Jesus goes on to teach and explain that the Kingdom will come in this way, in the lives and actions of his followers, by telling the story of a business owner giving his workers the job to steward his business while he is gone (vv11-27). Some translations have the business owner say “Occupy until I come”, bringing to mind a not-entirely-untrue image of active peaceful resisters seeking to create counter-cultural communities in resistance to the powers of this world. Jesus' parable describes the workers investing the gifts given them by their supervisor to good affect, getting more for their efforts in his absence, bearing fruit by their growth until he returns.

Luke 19:11 (ESV)
11 As they heard these things, he proceeded to tell a parable, because he was near to Jerusalem, and because they supposed that the kingdom of God was to appear immediately.

Anticipation of his arrival has been building for his entire journey. His disciples talk on the road about which of them will be greatest in the new kingdom after the revolution that Jesus' arrival in Jerusalem is bound to initiate. The religious and political leaders increase their pressure and surveillance as he comes closer to their centre of power and influence. Even the puppet-king of the region, Herod, has been looking into this strange man's following and reputation, and hopes for an audience with him.

And the crowds around him have grown, creating a folk-hero of him. These are the crowds that welcome him as he enters the gates of Jerusalem. He rides a colt, a symbol of the house of David, and fulfilling the prophesy of the coming Messiah-King. The donkey is also a satire. This is a king that doesn't need a cavalcade or announcements by superior authorities. These crowds are his people. There is no authority higher than his. He needs no affirmation by the kings or the priests to truly be the king he is. His kingdom is a different one, and the donkey and the common folk are enough.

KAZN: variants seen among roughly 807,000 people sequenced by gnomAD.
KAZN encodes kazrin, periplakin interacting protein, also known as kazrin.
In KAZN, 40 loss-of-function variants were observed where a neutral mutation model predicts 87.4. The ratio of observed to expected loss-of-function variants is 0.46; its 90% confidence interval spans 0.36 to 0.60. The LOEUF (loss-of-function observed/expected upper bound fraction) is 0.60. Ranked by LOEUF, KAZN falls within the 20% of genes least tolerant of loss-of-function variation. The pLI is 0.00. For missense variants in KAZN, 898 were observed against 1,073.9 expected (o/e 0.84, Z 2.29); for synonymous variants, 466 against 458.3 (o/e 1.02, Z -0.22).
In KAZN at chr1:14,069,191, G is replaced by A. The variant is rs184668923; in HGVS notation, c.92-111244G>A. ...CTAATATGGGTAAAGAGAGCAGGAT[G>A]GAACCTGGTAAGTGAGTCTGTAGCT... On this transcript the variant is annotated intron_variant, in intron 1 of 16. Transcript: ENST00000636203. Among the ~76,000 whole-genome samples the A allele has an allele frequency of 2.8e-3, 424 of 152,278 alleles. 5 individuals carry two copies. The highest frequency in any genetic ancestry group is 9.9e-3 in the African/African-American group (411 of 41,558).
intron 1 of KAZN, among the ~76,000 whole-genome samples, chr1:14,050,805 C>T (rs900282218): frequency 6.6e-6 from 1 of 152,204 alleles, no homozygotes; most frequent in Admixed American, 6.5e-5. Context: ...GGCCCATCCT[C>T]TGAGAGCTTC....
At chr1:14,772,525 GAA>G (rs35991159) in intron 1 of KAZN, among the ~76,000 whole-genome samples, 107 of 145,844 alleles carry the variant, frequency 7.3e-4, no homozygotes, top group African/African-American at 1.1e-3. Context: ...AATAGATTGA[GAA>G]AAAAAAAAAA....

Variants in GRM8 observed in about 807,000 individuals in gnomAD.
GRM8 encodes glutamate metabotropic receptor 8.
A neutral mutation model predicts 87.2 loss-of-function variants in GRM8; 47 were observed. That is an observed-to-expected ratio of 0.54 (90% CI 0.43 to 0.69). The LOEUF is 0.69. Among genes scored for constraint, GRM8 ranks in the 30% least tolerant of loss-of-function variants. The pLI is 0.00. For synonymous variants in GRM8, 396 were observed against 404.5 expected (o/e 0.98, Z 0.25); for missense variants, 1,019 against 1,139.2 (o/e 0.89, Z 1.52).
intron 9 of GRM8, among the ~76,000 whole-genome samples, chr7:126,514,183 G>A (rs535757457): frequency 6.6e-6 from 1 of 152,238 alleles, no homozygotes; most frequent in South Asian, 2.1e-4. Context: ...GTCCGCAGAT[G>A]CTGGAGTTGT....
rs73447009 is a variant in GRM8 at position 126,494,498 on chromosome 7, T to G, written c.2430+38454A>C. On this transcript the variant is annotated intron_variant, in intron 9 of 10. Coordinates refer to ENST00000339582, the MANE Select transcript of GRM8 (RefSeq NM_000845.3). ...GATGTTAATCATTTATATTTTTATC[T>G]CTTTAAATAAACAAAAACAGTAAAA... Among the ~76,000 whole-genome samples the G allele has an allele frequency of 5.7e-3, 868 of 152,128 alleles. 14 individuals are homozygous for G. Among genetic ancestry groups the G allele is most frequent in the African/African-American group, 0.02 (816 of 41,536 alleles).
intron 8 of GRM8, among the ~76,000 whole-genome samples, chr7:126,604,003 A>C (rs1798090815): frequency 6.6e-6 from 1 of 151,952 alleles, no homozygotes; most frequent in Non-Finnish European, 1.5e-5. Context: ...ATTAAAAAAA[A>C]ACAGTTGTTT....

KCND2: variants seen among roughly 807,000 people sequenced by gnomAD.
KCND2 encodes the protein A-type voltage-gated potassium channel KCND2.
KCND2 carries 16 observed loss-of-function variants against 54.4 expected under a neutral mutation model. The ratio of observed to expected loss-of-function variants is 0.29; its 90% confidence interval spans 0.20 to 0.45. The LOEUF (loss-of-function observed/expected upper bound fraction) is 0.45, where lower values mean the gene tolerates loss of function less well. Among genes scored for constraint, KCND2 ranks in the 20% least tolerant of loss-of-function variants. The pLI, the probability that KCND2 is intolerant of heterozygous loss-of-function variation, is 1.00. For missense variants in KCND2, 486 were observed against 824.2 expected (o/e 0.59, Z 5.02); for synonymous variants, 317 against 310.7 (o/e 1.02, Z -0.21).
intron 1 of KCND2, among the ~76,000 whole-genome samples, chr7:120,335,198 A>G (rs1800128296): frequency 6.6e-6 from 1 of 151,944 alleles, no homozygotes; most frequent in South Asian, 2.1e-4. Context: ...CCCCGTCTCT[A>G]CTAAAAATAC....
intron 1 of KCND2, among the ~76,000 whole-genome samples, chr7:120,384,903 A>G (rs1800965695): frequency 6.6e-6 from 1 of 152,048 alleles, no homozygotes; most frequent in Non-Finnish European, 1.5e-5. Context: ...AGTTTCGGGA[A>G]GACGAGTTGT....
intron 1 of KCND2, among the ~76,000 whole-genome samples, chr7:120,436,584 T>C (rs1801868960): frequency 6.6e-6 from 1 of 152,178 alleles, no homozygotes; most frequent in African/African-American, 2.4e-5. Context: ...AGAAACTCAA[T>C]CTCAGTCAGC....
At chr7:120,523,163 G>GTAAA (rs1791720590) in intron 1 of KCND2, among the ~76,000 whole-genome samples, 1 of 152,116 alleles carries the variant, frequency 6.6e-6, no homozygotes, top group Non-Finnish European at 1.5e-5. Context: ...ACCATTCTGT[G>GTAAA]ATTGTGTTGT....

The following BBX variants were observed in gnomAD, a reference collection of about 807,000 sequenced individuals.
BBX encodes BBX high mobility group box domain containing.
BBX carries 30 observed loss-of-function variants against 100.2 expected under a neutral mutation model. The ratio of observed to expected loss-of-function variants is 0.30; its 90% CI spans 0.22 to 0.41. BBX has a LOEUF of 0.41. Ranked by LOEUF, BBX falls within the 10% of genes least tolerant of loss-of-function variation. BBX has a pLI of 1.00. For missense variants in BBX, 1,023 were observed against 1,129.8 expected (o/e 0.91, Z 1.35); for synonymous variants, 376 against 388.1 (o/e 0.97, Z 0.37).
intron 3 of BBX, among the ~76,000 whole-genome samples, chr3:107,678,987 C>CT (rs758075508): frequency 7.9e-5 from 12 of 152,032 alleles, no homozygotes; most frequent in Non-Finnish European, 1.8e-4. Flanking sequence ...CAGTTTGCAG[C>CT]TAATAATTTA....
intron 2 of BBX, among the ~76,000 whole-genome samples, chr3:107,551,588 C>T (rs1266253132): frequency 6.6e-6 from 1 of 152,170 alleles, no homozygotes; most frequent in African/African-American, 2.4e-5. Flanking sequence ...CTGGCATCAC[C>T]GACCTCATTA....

Jesus and his Followers 
Occupy the Temple

Luke 19:45-46 (ESV)
45  And he entered the temple and began to drive out those who sold, 46 saying to them, “It is written, ‘My house shall be a house of prayer,’ but you have made it a den of robbers.”

As he enters the city, he demonstrates a passion mixed with deep love, sorrow, and fury. He weeps for the city he loves as he prophesies its destruction, to be fulfilled within a generation when Jerusalem will be torn apart in 70AD, the result of a violent revolution contrary to the peaceful resistance that Jesus has been preaching. Jesus makes his first visit in Jerusalem to the temple, the very heart of the powers of the world that his kingdom will see reversed. In the courts are moneychangers, charging the people who journey to worship for an exchange of their Roman money for other denominations. Since the symbols of the empire were stamped with idols, these coins were not allowed in the temple. Pilgrims who had traveled with money to buy or give sacrifices in the temple would be forced to change their money, and these people took advantage of the religious faithful. 

Jesus is enraged. He forcefully drives the bankers and businessmen out of the place of worship.

And after cleaning house, the backwoods, rural, low-income Jesus and the undereducated and hungry crowds that follow him remain in the temple courts, taking the place of the corrupt bankers and businesses that had previously occupied the space. They remain there to hear Jesus teach and demonstrate the coming Kingdom.

They've set up camp in the centre of the scene of the corruption of the previous order. They've reclaimed the space for true worship and loving community.

Luke 19:47-48 (ESV)
47  And he was teaching daily in the temple. The chief priests and the scribes and the principal men of the people were seeking to destroy him, 48 but they did not find anything they could do, for all the people were hanging on his words.

The line has been drawn, and the powers that be are rattled. The critical mass of the poor and the oppressed around their Messiah interrupt the desires of the elite to remove him. For now.

Check back here tomorrow at 8am for more on the Temple Demonstration as it continues in Luke 20.


v8 – A rich and corrupt tax collector becomes a Jesus follower. It appears as though he remains a tax collector, but an honest one. This is different than Matthew, who left his old life behind. Jesus honours both.
Another parable about business.
v22 – Judged by his own words, not necessarily as he would have acted otherwise.
v38 – (Triumphal entry on a borrowed colt) “Blessed is the king who comes in the name of the Lord!”
This is a strange way for a king to make an entrance. Maybe today it would have been like a king arriving on public transit instead of a limo.